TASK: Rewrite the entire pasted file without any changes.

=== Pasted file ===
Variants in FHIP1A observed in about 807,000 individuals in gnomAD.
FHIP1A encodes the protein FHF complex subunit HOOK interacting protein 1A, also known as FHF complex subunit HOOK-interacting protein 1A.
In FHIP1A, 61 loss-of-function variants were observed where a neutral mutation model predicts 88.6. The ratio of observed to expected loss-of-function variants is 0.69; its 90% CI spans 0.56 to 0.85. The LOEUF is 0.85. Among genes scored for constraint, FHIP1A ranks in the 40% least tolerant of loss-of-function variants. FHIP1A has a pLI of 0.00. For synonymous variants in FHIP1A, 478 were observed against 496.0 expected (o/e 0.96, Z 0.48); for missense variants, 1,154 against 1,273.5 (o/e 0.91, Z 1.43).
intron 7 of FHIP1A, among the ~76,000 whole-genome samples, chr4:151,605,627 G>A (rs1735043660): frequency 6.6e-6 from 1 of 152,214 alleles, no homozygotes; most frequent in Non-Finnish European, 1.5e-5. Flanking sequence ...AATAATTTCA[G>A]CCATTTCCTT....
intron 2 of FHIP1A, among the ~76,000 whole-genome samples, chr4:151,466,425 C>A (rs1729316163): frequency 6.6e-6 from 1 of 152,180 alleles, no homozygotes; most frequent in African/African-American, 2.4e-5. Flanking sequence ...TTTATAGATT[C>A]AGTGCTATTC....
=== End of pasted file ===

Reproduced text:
Variants in FHIP1A observed in about 807,000 individuals in gnomAD.
FHIP1A encodes the protein FHF complex subunit HOOK interacting protein 1A, also known as FHF complex subunit HOOK-interacting protein 1A.
In FHIP1A, 61 loss-of-function variants were observed where a neutral mutation model predicts 88.6. The ratio of observed to expected loss-of-function variants is 0.69; its 90% CI spans 0.56 to 0.85. The LOEUF is 0.85. Among genes scored for constraint, FHIP1A ranks in the 40% least tolerant of loss-of-function variants. FHIP1A has a pLI of 0.00. For synonymous variants in FHIP1A, 478 were observed against 496.0 expected (o/e 0.96, Z 0.48); for missense variants, 1,154 against 1,273.5 (o/e 0.91, Z 1.43).
intron 7 of FHIP1A, among the ~76,000 whole-genome samples, chr4:151,605,627 G>A (rs1735043660): frequency 6.6e-6 from 1 of 152,214 alleles, no homozygotes; most frequent in Non-Finnish European, 1.5e-5. Flanking sequence ...AATAATTTCA[G>A]CCATTTCCTT....
intron 2 of FHIP1A, among the ~76,000 whole-genome samples, chr4:151,466,425 C>A (rs1729316163): frequency 6.6e-6 from 1 of 152,180 alleles, no homozygotes; most frequent in African/African-American, 2.4e-5. Flanking sequence ...TTTATAGATT[C>A]AGTGCTATTC....